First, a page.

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A Dynamic Regression Approach for Frequency-Domain Partial Coherence and Causality Analysis of Functional Brain Networks

Institution:
Department of Radiology, Brigham and Women’s Hospital, Harvard Medical School, Boston, MA, USA.
Publisher:
IEEE Engineering in Medicine and Biology Society EMBS
Publication Date:
Sep-2018
Journal:
IEEE Trans Med Imaging
Volume Number:
37
Issue Number:
9
Pages:
1957-69
Citation:
IEEE Trans Med Imaging. 2018 Sep;37(9):1957-69.
PubMed ID:
28816657
PMCID:
PMC6260816
Appears in Collections:
SPL
Sponsors:
R21 MH115280/MH/NIMH NIH HHS/United States
R01 MH097979/MH/NIMH NIH HHS/United States
R01 MH074794/MH/NIMH NIH HHS/United States
R21 MH116352/MH/NIMH NIH HHS/United States
P41 EB015902/EB/NIBIB NIH HHS/United States
Generated Citation:
Ning L., Rathi Y. A Dynamic Regression Approach for Frequency-Domain Partial Coherence and Causality Analysis of Functional Brain Networks. IEEE Trans Med Imaging. 2018 Sep;37(9):1957-69. PMID: 28816657. PMCID: PMC6260816.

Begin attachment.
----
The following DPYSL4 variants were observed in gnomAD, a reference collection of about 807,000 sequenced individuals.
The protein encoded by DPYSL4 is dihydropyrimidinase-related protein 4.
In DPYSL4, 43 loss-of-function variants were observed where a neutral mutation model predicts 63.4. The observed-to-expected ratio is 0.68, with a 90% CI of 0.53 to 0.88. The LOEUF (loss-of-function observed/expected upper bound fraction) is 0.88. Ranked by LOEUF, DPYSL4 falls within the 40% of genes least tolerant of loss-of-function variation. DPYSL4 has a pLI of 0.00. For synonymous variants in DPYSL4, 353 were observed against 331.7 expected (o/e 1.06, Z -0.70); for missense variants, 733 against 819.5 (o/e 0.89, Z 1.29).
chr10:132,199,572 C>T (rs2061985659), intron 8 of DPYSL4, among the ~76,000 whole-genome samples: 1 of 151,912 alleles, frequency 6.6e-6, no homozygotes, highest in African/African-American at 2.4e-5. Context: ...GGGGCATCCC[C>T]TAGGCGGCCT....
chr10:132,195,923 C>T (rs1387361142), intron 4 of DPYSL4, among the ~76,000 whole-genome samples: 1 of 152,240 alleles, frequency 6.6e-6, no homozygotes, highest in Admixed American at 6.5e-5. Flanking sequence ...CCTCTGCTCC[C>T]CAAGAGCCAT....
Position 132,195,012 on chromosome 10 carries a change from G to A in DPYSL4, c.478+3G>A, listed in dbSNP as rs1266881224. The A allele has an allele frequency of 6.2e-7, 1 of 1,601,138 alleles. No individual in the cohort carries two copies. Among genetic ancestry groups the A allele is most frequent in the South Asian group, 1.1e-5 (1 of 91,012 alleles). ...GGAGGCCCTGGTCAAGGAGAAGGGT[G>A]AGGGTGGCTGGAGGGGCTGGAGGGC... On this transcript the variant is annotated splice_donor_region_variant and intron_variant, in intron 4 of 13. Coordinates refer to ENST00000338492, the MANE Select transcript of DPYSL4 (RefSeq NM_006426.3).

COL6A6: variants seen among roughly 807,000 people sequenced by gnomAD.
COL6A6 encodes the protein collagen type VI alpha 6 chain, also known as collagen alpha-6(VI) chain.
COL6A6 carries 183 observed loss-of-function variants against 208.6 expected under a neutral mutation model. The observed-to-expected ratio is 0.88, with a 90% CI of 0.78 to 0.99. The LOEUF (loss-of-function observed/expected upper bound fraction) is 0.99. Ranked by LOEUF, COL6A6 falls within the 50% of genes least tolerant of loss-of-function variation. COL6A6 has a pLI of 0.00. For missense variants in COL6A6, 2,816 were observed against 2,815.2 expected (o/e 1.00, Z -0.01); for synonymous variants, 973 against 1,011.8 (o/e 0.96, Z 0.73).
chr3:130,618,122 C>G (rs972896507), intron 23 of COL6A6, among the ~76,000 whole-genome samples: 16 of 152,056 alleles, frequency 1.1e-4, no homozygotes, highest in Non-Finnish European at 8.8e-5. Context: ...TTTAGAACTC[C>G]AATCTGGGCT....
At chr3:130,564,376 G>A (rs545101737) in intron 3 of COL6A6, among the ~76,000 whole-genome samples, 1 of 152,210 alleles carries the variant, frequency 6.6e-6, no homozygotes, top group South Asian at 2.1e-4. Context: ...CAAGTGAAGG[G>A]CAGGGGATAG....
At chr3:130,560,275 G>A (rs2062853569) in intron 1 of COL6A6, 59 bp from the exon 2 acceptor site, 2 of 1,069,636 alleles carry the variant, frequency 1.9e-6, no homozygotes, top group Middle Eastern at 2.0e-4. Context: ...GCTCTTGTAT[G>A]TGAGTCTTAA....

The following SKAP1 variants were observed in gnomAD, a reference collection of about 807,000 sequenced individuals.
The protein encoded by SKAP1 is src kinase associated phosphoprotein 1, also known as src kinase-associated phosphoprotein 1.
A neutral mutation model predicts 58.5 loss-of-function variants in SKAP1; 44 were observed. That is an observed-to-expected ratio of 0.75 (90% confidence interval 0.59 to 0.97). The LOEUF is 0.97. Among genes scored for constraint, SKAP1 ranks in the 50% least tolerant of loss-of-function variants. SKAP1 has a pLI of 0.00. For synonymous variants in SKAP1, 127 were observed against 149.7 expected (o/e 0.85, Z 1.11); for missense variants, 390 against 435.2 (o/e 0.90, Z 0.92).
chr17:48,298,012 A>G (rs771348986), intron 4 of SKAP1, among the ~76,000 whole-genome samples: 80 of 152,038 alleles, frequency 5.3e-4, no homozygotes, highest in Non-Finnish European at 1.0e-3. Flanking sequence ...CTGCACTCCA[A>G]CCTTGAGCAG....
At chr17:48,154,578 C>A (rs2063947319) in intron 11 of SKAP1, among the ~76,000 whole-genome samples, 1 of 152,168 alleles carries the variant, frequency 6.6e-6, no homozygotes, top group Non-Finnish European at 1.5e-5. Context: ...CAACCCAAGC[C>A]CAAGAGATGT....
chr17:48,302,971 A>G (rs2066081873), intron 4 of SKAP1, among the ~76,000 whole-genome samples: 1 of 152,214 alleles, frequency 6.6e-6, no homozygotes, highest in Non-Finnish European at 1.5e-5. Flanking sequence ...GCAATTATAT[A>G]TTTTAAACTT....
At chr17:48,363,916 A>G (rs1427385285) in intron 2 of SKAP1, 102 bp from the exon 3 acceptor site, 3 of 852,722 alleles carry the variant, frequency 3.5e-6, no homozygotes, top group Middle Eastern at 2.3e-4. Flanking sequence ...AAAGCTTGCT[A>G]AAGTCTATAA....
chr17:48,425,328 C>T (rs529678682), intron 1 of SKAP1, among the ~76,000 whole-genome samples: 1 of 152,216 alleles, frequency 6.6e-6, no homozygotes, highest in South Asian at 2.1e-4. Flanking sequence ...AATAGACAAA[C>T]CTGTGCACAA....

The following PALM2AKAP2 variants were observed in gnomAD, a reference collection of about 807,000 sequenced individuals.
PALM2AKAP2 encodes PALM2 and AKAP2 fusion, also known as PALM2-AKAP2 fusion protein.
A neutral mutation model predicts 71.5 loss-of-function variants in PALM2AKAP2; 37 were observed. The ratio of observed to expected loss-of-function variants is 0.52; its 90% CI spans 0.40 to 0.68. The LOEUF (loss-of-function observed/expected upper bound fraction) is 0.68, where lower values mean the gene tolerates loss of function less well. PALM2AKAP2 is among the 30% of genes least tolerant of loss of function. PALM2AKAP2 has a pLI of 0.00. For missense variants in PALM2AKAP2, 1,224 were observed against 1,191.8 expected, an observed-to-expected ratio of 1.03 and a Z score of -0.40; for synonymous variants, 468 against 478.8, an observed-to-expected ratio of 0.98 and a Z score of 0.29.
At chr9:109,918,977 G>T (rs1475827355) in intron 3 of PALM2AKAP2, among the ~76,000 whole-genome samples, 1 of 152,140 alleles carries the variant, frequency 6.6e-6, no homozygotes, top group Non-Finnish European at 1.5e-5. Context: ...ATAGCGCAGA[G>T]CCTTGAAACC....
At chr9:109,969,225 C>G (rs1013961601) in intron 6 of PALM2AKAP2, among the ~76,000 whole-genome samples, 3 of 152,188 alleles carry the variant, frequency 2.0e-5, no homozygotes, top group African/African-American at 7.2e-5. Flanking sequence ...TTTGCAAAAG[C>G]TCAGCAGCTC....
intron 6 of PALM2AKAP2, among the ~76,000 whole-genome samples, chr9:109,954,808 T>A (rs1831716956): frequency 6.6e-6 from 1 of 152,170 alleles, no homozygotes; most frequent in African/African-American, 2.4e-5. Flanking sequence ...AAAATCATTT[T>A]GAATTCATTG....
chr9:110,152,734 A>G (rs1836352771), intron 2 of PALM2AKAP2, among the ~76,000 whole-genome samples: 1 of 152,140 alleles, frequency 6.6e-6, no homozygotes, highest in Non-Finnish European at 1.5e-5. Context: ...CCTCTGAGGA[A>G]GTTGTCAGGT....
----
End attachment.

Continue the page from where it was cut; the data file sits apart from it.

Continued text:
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Coherence and causality measures are often used to analyze the influence of one region on another during analysis of functional brain networks. The analysis methods usually involve a regression problem, where the signal of interest is decomposed into a mixture of regressor and a residual signal. In this paper, we revisit this basic problem and present solutions that provide the minimal-entropy residuals for different types of regression filters, such as causal, instantaneously causal, and noncausal filters. Using optimal prediction theory, we derive several novel frequency-domain expressions for partial coherence, causality, and conditional causality analysis. In particular, our solution provides a more accurate estimation of the frequency-domain causality compared with the classical Geweke causality measure. Using synthetic examples and in vivo resting-state functional magnetic resonance imaging data from the human connectome project, we show that the proposed solution is more accurate at revealing frequency-domain linear dependence among high-dimensional signals.